If done right (and you seem to be doing just that) this will not be an ordeal to be survived but a chance to enjoy some fun time(s) with your toddler at the start of her own discovery of how much fun travel can be.

    Last edited by AZBuck; 05-19-2014 at 08:08 PM.

  7. #7
    Join Date
    Dec 2008
    Melbourne, Australia

    Default Plan well and enjoy.

    Just chiming in with the same message. Planned well, this will be a memorable trip, and, who knows, the first of many. Those who look on such trips as something to endure, rather than enjoy, have probably never learned how to enjoy a roadtrip.

    When travelling with our children we always made a point of being on the road early, and tried get more than half the distance covered before lunch. We found our children were always more settled during the morning than later in the day.

    Arriving at your hotel well before bedtime, is also a good idea, to allow your daughter to familiarise herself with her new surroundings.

    Quote Originally Posted by Cal12 View Post
    You all are the first I have seen to be positive about the travel part so thank you!
    How could we be anything other than positive about a well planned roadtrip?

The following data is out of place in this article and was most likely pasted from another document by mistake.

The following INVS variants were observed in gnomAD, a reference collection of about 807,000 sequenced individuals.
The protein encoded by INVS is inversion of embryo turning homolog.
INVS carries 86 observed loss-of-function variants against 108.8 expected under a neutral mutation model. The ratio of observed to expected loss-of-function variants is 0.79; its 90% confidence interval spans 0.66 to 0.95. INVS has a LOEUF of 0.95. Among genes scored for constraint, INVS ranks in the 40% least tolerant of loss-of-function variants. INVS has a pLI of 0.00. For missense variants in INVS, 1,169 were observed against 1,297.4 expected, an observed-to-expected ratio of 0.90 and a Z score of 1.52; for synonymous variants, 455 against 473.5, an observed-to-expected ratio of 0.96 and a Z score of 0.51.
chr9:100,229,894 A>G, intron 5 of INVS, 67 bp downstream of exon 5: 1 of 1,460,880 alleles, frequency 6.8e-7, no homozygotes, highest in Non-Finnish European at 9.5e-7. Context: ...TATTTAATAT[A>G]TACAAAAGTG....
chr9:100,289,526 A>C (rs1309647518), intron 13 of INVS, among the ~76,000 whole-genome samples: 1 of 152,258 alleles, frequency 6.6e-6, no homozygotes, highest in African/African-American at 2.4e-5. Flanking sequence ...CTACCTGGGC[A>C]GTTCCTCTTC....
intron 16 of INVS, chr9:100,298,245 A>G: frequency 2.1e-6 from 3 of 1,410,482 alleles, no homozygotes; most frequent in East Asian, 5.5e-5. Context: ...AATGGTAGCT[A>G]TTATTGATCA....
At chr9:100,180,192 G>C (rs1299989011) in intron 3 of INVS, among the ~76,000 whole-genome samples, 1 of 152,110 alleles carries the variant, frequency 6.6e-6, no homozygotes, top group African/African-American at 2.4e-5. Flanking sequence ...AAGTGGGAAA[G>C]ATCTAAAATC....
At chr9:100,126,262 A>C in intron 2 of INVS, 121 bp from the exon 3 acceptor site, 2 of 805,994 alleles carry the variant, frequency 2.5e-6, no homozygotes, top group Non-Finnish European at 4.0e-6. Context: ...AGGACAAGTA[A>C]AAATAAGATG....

8. Default

    Oh wow, thank you again you guys! I am actually getting a little excited about the trip now :)
    We are going from the Denmark, WI area (about 1/2hour from Green Bay) to Redding. From what I am seeing it is 2,208 mi. In all my nervousness I guess I did not think much about the additional time it would take over what the map sites are giving me, thanks for the reminder. Also, to those of you who traveled from Midwest to the coast, is there any super long roads where there is nothing? Like should I be watching out at some point for things like "200mi to the next gas station"? Know it might sound stupid since I am only asking from seeing that stuff on tv and not my own experience but its something that crept into my mind. Thanks for helping me with all me newbie questions, I would not be so concerned if not for the little one...